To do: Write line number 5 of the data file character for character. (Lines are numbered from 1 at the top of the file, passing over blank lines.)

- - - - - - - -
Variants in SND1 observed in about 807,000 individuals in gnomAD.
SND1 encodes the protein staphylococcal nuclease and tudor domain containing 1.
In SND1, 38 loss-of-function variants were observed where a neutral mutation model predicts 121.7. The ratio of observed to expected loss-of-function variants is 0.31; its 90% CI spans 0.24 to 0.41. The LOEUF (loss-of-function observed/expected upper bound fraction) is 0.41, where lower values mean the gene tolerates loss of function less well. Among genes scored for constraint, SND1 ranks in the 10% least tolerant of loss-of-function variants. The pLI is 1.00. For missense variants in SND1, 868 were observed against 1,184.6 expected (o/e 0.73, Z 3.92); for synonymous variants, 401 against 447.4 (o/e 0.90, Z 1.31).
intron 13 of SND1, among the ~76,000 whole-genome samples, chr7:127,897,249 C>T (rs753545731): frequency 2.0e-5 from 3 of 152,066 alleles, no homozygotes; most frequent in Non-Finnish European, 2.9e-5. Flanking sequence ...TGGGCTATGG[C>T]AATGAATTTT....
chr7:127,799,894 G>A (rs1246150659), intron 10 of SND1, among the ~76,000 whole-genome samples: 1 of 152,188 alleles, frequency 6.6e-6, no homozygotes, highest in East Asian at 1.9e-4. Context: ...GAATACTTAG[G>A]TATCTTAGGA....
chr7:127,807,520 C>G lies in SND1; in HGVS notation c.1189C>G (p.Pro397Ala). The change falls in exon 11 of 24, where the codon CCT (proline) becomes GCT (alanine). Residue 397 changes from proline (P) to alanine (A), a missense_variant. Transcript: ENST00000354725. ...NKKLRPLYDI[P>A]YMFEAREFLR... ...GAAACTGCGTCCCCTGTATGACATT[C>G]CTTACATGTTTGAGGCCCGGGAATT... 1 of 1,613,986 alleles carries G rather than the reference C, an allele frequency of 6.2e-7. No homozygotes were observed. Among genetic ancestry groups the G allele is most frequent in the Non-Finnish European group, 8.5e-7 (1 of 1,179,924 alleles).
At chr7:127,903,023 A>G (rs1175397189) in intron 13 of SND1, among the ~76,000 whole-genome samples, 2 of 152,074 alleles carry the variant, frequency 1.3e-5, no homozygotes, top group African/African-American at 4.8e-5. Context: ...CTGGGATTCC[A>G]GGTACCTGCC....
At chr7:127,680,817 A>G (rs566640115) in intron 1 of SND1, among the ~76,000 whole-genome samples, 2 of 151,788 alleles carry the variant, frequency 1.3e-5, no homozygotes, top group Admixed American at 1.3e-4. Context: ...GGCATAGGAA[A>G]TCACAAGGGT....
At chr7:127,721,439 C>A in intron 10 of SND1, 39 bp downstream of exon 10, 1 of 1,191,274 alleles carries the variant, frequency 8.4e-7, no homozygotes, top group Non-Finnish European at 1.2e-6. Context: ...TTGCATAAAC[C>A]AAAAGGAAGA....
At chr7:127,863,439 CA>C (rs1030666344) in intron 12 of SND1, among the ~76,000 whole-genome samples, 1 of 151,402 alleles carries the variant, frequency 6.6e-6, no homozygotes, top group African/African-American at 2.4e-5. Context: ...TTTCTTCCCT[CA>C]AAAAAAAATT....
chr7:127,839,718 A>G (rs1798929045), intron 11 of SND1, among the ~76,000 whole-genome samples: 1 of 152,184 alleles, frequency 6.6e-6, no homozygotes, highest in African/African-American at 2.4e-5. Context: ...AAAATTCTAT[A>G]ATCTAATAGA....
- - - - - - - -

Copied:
chr7:127,799,894 G>A (rs1246150659), intron 10 of SND1, among the ~76,000 whole-genome samples: 1 of 152,188 alleles, frequency 6.6e-6, no homozygotes, highest in East Asian at 1.9e-4. Context: ...GAATACTTAG[G>A]TATCTTAGGA....